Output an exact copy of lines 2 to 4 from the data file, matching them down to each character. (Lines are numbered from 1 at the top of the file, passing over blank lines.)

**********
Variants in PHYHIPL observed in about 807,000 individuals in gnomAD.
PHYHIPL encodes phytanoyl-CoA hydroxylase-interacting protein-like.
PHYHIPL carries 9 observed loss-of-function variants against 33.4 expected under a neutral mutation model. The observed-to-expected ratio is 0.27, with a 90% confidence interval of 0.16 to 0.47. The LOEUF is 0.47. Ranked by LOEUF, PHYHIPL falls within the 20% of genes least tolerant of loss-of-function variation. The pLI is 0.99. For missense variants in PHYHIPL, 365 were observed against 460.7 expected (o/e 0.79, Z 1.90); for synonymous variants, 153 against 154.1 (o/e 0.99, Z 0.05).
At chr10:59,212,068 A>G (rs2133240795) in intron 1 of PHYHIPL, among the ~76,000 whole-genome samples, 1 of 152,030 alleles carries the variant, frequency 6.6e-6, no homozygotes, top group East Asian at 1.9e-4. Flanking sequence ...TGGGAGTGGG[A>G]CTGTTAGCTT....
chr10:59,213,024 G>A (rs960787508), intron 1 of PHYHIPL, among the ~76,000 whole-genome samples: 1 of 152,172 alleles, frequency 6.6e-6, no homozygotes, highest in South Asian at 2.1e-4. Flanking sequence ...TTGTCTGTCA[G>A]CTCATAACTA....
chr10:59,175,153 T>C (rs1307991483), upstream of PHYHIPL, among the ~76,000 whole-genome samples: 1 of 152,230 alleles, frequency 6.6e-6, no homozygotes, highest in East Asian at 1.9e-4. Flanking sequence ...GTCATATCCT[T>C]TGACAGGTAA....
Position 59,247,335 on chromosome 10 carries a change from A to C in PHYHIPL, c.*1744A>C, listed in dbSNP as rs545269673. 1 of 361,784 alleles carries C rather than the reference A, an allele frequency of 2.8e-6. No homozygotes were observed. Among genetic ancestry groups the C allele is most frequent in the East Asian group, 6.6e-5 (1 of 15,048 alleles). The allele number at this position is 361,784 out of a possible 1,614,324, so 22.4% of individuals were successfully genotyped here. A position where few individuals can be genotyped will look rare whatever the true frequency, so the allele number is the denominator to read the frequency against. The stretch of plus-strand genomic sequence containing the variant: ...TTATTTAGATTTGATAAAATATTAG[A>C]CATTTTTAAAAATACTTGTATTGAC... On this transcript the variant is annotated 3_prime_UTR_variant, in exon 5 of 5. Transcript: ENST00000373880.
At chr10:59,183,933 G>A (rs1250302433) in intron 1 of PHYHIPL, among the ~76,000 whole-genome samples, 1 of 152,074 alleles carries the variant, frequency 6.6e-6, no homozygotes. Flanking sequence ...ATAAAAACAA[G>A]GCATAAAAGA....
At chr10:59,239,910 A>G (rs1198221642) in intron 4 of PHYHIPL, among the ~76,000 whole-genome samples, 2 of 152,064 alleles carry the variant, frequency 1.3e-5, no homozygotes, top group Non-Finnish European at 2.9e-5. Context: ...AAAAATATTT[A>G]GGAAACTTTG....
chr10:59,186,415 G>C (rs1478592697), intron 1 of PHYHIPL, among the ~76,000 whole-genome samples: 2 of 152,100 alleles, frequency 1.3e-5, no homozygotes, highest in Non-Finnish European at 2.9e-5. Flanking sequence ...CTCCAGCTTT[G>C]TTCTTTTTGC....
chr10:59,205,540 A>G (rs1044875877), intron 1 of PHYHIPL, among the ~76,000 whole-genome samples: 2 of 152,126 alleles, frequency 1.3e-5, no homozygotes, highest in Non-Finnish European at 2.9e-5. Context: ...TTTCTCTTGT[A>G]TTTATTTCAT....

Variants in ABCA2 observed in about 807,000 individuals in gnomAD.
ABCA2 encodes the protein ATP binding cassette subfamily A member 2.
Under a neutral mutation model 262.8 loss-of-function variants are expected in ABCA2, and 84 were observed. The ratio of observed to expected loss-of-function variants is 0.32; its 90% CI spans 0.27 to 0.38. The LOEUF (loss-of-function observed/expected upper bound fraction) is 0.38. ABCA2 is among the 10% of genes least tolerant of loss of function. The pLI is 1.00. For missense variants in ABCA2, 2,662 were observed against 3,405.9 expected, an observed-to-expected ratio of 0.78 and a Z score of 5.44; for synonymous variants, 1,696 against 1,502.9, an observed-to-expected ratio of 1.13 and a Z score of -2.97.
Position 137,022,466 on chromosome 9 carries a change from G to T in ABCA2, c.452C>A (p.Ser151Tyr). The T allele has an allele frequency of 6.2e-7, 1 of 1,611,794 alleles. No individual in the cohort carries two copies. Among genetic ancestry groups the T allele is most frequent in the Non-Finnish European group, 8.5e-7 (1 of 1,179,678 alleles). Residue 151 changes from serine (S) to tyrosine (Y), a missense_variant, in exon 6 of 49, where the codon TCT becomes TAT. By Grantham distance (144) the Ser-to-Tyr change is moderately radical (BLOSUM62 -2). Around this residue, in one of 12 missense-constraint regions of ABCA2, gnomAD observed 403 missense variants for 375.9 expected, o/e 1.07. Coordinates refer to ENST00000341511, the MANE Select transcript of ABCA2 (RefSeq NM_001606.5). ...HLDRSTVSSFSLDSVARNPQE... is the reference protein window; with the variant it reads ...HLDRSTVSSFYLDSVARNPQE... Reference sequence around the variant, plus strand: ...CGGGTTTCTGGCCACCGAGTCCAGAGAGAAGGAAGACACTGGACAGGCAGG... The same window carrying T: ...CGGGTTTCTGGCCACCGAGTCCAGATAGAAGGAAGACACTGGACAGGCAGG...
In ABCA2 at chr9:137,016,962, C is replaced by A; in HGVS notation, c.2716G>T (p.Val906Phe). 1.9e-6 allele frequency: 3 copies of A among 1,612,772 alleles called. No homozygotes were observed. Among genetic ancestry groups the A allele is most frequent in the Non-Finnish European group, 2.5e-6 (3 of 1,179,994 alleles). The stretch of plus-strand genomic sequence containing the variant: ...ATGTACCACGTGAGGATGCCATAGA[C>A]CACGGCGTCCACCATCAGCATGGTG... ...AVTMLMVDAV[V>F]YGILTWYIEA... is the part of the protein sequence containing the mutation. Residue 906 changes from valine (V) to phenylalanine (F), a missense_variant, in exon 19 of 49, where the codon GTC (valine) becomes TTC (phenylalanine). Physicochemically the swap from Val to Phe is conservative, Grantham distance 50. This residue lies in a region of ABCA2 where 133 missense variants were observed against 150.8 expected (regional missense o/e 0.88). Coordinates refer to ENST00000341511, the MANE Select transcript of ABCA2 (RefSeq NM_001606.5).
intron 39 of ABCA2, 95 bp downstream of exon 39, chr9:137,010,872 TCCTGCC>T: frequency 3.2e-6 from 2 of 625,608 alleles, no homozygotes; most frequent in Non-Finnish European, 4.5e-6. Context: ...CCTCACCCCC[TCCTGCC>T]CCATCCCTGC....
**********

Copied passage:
PHYHIPL encodes phytanoyl-CoA hydroxylase-interacting protein-like.
PHYHIPL carries 9 observed loss-of-function variants against 33.4 expected under a neutral mutation model. The observed-to-expected ratio is 0.27, with a 90% confidence interval of 0.16 to 0.47. The LOEUF is 0.47. Ranked by LOEUF, PHYHIPL falls within the 20% of genes least tolerant of loss-of-function variation. The pLI is 0.99. For missense variants in PHYHIPL, 365 were observed against 460.7 expected (o/e 0.79, Z 1.90); for synonymous variants, 153 against 154.1 (o/e 0.99, Z 0.05).
At chr10:59,212,068 A>G (rs2133240795) in intron 1 of PHYHIPL, among the ~76,000 whole-genome samples, 1 of 152,030 alleles carries the variant, frequency 6.6e-6, no homozygotes, top group East Asian at 1.9e-4. Flanking sequence ...TGGGAGTGGG[A>G]CTGTTAGCTT....